Movements discussed: DADA (1916-1920), Bauhaus Theater (1919-1933), Action Painting (1940s), Gutai Group (1954-1972), Zen Buddhism, Fluxus (1962-1968).
Names dropped: Jackson Pollock, Atsuko Tanaka, John Cage, Allan Kaprow, Robert Rauschenberg, Jim Dine, David Tudor, Merce Cunningham, Alfred Leslie, Lette Eisenhauer, Yoko Ono, George Maciunas, Joseph Beuys, George Brecht, Al Hansen, Geoffrey Hendricks, Dick Higgins, Ray Johnson, Alison Knowles, Charlotte Moorman, Yoko Ono, Nam Jun Paik, La Monte Young, Ben Patterson, Joseph Beuys, Yves Klein.
Places mentioned: Black Mountain College, New School for Social Research, Reuben Gallery.
Assignment 1: In groups of two, write a Fluxus score. Groups of two will then be merged into larger groups, combining 2-3 scores into a single 'event.' Fluxus scores to be practiced and performed for following class.
Image: Licking Piece, 1964, Ben Patterson
cover shapely female with whipped cream
topping of chopped nuts and cherries is optional
Suburban family ideals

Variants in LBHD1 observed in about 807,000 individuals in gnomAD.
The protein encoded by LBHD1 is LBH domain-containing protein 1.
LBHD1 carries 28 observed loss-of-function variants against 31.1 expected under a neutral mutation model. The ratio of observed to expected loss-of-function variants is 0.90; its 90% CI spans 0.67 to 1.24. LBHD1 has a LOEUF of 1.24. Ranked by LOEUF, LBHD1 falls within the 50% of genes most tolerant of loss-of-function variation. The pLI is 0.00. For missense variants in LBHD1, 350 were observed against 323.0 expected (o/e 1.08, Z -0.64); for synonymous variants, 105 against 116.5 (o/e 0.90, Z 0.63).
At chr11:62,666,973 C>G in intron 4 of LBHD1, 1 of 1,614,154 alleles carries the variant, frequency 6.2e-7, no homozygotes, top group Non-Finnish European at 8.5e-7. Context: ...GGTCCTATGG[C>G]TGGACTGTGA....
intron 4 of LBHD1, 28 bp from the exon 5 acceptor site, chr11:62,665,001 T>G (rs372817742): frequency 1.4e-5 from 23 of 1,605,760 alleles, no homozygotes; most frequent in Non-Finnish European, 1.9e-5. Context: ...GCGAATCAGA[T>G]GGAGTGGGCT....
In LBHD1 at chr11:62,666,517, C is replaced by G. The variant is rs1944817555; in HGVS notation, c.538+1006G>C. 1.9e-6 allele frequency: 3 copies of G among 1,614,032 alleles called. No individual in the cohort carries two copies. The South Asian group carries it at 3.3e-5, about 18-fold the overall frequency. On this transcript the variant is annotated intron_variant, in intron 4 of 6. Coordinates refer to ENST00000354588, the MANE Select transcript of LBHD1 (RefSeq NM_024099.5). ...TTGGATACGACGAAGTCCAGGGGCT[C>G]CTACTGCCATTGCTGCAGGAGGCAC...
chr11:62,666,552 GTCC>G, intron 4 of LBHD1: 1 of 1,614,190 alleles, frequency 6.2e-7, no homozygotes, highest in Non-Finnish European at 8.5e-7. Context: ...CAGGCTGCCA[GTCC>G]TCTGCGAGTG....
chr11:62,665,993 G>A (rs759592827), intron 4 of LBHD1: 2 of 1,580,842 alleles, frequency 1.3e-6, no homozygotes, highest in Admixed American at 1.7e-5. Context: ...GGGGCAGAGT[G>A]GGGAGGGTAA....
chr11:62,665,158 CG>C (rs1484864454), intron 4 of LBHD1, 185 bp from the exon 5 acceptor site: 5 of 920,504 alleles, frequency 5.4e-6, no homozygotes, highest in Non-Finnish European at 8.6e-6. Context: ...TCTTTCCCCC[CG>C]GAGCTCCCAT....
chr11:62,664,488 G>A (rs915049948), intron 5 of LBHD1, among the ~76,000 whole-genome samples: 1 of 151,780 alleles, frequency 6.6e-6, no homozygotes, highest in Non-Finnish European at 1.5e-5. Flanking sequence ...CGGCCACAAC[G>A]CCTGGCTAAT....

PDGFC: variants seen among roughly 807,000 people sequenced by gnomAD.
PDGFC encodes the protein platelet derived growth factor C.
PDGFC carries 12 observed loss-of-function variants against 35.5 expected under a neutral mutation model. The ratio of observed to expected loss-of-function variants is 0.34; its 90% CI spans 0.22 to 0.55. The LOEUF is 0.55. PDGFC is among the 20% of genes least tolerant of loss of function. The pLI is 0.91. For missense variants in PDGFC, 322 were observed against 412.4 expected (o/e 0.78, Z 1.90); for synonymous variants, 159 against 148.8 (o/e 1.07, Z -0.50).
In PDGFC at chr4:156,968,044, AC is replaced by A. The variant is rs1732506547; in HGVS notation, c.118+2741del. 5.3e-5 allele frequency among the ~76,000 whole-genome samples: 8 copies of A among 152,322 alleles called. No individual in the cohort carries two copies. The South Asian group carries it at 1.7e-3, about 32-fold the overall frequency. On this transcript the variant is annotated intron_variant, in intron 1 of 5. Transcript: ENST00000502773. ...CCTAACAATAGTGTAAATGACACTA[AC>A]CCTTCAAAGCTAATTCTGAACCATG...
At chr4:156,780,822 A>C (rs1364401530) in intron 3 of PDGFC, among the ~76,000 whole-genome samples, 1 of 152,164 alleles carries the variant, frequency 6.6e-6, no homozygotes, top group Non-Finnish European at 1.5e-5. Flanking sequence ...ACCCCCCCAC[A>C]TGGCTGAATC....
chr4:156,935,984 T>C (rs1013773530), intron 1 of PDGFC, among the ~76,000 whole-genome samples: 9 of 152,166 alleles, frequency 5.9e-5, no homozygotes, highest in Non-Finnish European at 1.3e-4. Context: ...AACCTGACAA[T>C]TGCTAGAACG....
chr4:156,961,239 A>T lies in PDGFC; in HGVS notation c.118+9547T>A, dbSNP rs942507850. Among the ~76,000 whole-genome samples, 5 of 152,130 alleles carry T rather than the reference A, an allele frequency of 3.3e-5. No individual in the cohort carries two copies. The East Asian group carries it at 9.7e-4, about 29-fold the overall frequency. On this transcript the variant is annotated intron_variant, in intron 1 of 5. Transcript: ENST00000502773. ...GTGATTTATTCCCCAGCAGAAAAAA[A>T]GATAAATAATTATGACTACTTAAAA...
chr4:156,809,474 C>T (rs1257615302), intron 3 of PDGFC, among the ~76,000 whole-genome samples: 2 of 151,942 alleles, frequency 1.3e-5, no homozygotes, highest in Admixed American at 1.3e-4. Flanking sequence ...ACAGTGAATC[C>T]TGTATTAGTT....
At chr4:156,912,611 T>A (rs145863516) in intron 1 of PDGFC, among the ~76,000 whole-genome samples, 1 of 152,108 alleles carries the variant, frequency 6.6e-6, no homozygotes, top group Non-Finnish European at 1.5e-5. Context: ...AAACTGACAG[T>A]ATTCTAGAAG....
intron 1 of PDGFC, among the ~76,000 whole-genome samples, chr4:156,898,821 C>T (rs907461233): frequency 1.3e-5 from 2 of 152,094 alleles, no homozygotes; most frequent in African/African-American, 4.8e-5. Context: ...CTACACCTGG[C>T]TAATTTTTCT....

Civil Rights Movement--Segregation is still common
The Cold War between Russia & US
mainstream introduction of television
rock n roll
= the seeds of rebellion are planted
What was going on in the 1960s?
JFK in office
JFK is assassinated
Malcolm X assassinated
Martin Luther King assassinated
Robert F. Kennedy assassinated
Followed by Lyndon Johnson and Richard Nixon
The countercultural movement was born
Rise of equal rights, feminism, gay & lesbian rights
Civil Rights Act passed in 1964
Black Panther Movement
The term HIPPY is born
Rock in the form of radical folk music: Bob Dylan, Joan Baez
= the seeds of collective action are planted
Assignment 2: Write your own art manifesto. Use the Fluxus Manifesto by George Maciunas and the various iterations of the DADA Manifesto as research models for form and content.